Archive for September, 2003

Song: “Girl by my side”

Tidying up, found an old cassette tape containing some old songs that I’d forgotten writing. These were doodles done with a Fostex 4 track home studio, a machine which played one side only of a normal cassette tape, thereby getting 4 tracks (the 2 sides’ left and right stereo tracks make 4, you see) then you mix them out and record them on another cassette. Great for testing ideas, harmonies etc before presenting them to the band.. or forgetting them entirely.

Here’s a 3-chord wonder, that Shez added bass to after I’d done the rhythm guitar and vocal line. I remember getting drunk and coming back home, plugging in the guitar and doing the guitar solo here with no planning in one take, oblivious of the overdriving of the amp or clipping the sound through the mixer. You may well say it sounds like what it is – a drunkard with no rehearsal; to me, I love the sheer nastiness of the solo that reflects the lyrics, ostensibly a celebration of the current girlfriend – but really a petulant thumbing of the nose at a previous romantic partner. Heh.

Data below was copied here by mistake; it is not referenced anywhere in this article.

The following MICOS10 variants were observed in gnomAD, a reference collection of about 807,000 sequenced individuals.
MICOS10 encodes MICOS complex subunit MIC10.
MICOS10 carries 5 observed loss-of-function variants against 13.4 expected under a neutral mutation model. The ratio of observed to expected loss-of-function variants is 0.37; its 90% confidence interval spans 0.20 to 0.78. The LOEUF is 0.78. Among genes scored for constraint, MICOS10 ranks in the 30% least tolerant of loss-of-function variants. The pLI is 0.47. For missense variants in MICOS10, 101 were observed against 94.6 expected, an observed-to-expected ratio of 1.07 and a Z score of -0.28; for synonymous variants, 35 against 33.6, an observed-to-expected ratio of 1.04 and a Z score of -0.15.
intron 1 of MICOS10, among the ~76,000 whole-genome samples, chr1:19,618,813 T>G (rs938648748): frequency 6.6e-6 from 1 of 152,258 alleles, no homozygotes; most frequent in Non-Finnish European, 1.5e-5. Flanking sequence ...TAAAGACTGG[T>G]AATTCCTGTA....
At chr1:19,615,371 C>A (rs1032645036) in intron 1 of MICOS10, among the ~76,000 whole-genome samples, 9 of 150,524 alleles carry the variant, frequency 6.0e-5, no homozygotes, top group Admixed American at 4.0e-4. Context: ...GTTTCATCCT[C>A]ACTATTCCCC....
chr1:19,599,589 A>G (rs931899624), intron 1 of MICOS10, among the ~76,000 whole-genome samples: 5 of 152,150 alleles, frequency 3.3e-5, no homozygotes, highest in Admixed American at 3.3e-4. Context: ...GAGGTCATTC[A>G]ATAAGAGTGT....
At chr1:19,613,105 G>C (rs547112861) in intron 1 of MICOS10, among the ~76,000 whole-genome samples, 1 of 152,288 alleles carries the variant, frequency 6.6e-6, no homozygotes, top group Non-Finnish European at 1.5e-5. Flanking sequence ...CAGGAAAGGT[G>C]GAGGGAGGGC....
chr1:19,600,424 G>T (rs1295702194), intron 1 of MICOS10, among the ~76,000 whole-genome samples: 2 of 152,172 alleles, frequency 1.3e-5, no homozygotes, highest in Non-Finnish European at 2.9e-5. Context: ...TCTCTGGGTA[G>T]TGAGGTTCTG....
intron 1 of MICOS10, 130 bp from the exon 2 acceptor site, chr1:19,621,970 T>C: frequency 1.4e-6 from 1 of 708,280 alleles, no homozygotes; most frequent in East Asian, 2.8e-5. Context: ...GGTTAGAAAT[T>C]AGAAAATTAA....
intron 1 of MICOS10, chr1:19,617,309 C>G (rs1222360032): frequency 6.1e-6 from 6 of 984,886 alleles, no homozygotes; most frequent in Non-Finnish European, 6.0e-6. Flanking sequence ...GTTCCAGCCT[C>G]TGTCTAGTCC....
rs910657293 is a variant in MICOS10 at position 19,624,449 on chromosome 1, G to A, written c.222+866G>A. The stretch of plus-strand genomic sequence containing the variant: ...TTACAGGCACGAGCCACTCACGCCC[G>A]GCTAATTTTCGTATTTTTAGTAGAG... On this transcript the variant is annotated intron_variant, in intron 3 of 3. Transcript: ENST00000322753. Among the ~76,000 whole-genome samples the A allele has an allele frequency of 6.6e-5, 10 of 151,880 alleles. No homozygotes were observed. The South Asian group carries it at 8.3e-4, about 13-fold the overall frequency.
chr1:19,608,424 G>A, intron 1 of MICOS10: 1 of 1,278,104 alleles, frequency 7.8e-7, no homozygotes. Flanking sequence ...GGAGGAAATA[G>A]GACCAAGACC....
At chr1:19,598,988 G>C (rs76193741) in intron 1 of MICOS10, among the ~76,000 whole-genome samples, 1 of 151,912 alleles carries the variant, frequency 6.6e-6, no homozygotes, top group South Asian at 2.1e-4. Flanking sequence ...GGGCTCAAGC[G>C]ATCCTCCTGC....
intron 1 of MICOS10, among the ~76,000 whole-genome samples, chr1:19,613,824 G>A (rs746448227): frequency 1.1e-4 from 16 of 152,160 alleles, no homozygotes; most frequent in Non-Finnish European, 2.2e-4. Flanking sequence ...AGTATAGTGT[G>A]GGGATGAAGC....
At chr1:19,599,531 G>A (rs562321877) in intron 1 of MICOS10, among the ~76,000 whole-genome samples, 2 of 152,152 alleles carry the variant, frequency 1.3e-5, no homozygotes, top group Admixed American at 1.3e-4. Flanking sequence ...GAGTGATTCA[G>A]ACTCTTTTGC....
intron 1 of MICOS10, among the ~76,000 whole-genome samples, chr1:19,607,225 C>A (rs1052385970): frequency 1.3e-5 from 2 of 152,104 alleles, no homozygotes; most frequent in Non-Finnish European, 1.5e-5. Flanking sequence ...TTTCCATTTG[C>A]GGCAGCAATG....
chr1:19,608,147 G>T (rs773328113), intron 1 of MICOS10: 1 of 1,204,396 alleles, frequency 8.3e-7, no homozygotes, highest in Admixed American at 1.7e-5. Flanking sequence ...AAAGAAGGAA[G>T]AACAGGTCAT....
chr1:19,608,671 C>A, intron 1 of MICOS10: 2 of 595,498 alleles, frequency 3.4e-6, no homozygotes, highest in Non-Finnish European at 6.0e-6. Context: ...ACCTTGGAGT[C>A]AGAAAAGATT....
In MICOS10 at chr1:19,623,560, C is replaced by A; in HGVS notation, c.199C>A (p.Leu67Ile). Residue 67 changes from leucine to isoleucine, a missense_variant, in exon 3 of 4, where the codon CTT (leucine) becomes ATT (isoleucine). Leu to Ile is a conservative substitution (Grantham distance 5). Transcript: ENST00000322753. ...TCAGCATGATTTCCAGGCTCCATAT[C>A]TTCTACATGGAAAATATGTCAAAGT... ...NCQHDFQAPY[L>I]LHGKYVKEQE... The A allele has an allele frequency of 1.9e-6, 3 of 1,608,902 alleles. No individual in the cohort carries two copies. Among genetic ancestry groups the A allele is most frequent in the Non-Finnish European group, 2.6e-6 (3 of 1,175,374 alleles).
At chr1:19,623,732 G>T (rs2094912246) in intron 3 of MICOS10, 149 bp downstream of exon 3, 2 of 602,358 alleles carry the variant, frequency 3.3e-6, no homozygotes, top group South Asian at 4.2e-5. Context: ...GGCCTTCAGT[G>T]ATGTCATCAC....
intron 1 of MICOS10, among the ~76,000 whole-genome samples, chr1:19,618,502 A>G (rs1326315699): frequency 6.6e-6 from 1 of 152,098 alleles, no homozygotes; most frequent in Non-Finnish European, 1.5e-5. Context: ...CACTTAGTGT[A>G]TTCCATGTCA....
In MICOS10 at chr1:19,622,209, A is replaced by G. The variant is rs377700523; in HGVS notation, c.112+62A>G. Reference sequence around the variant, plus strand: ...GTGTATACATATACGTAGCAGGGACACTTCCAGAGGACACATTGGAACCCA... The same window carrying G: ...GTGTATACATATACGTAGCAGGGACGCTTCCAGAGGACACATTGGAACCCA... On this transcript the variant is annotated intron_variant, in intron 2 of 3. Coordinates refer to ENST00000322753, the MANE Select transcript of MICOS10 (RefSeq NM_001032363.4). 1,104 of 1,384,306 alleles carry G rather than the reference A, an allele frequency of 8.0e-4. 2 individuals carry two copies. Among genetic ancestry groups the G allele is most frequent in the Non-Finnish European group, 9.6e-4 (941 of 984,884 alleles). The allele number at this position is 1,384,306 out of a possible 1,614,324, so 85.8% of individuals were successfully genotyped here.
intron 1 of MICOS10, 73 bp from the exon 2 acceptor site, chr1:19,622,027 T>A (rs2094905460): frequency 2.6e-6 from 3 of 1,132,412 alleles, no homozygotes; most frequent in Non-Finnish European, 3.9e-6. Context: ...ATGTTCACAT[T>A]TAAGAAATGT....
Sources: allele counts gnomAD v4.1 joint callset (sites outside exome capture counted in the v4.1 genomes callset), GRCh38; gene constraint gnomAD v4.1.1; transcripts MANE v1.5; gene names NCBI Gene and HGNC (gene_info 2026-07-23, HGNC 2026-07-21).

So, just when you think that it’s all cut and dried
Somebody appears for whom the rules do not apply.
I thank you for the pleasure that you once supplied;
It means very little now this girl’s at my side.
All the pain you were hell-bent to provide
Is almost forgotten now this girl’s at my side.
I thank you for the tears that you and I cried;
They made me the person loved by this girl at my side.
There are small laughter lines in the corner of her eyes
Which make me feel a tenderness I hoped I could disguise.
Unfamiliar feelings that I’d fought and then denied
Are like a runaway juggernaut, and I’m here for the ride.

So, this is mawkish and naive? It’s merely meant as an aside;
I’m not good at self-expression, but at least I’ve tried.
Sometimes I feel I’m overflowing with pride
To share something so spectacular with this girl by my side.
Blah blah blah.

Song: “Nothing Of This”

Here’s a solemn warning against drum machines, over-enthusiasm on guitar and making up lyrics in the studio after beer and amphetamines. A band composition: Andy Cope/ me / Nick Sherrard / Shez, called “Nothing Of This” because I liked the painting by Ernst.

September 11th – 2 years on, and 30 years on